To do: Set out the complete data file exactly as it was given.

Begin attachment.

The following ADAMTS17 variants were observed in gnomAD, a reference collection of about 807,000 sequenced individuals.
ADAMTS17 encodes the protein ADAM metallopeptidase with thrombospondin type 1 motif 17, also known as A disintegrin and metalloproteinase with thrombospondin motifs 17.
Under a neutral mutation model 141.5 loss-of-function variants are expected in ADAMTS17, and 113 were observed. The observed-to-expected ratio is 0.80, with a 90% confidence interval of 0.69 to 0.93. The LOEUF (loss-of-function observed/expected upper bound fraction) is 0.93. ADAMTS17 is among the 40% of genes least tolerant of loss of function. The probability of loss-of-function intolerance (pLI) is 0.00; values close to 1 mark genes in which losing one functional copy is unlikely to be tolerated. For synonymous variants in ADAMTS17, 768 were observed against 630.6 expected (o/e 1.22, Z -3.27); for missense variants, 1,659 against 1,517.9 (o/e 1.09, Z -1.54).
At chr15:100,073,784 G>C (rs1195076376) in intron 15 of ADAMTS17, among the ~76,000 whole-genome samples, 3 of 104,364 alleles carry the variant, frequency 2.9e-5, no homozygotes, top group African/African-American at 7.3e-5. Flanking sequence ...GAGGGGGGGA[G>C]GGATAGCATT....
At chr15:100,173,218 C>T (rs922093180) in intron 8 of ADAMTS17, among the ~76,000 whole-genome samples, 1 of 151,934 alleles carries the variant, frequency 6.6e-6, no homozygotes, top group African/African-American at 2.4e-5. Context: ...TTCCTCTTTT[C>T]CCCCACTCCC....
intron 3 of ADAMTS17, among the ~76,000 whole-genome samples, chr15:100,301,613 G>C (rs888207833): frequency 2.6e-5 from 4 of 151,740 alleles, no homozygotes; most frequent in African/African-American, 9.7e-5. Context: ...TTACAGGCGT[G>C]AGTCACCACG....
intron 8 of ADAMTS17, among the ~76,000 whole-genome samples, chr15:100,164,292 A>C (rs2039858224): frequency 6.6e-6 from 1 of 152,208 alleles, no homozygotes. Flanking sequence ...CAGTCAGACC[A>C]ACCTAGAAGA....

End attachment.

The following ADAMTS17 variants were observed in gnomAD, a reference collection of about 807,000 sequenced individuals.
ADAMTS17 encodes the protein ADAM metallopeptidase with thrombospondin type 1 motif 17, also known as A disintegrin and metalloproteinase with thrombospondin motifs 17.
Under a neutral mutation model 141.5 loss-of-function variants are expected in ADAMTS17, and 113 were observed. The observed-to-expected ratio is 0.80, with a 90% confidence interval of 0.69 to 0.93. The LOEUF (loss-of-function observed/expected upper bound fraction) is 0.93. ADAMTS17 is among the 40% of genes least tolerant of loss of function. The probability of loss-of-function intolerance (pLI) is 0.00; values close to 1 mark genes in which losing one functional copy is unlikely to be tolerated. For synonymous variants in ADAMTS17, 768 were observed against 630.6 expected (o/e 1.22, Z -3.27); for missense variants, 1,659 against 1,517.9 (o/e 1.09, Z -1.54).
At chr15:100,073,784 G>C (rs1195076376) in intron 15 of ADAMTS17, among the ~76,000 whole-genome samples, 3 of 104,364 alleles carry the variant, frequency 2.9e-5, no homozygotes, top group African/African-American at 7.3e-5. Flanking sequence ...GAGGGGGGGA[G>C]GGATAGCATT....
At chr15:100,173,218 C>T (rs922093180) in intron 8 of ADAMTS17, among the ~76,000 whole-genome samples, 1 of 151,934 alleles carries the variant, frequency 6.6e-6, no homozygotes, top group African/African-American at 2.4e-5. Context: ...TTCCTCTTTT[C>T]CCCCACTCCC....
intron 3 of ADAMTS17, among the ~76,000 whole-genome samples, chr15:100,301,613 G>C (rs888207833): frequency 2.6e-5 from 4 of 151,740 alleles, no homozygotes; most frequent in African/African-American, 9.7e-5. Context: ...TTACAGGCGT[G>C]AGTCACCACG....
intron 8 of ADAMTS17, among the ~76,000 whole-genome samples, chr15:100,164,292 A>C (rs2039858224): frequency 6.6e-6 from 1 of 152,208 alleles, no homozygotes. Flanking sequence ...CAGTCAGACC[A>C]ACCTAGAAGA....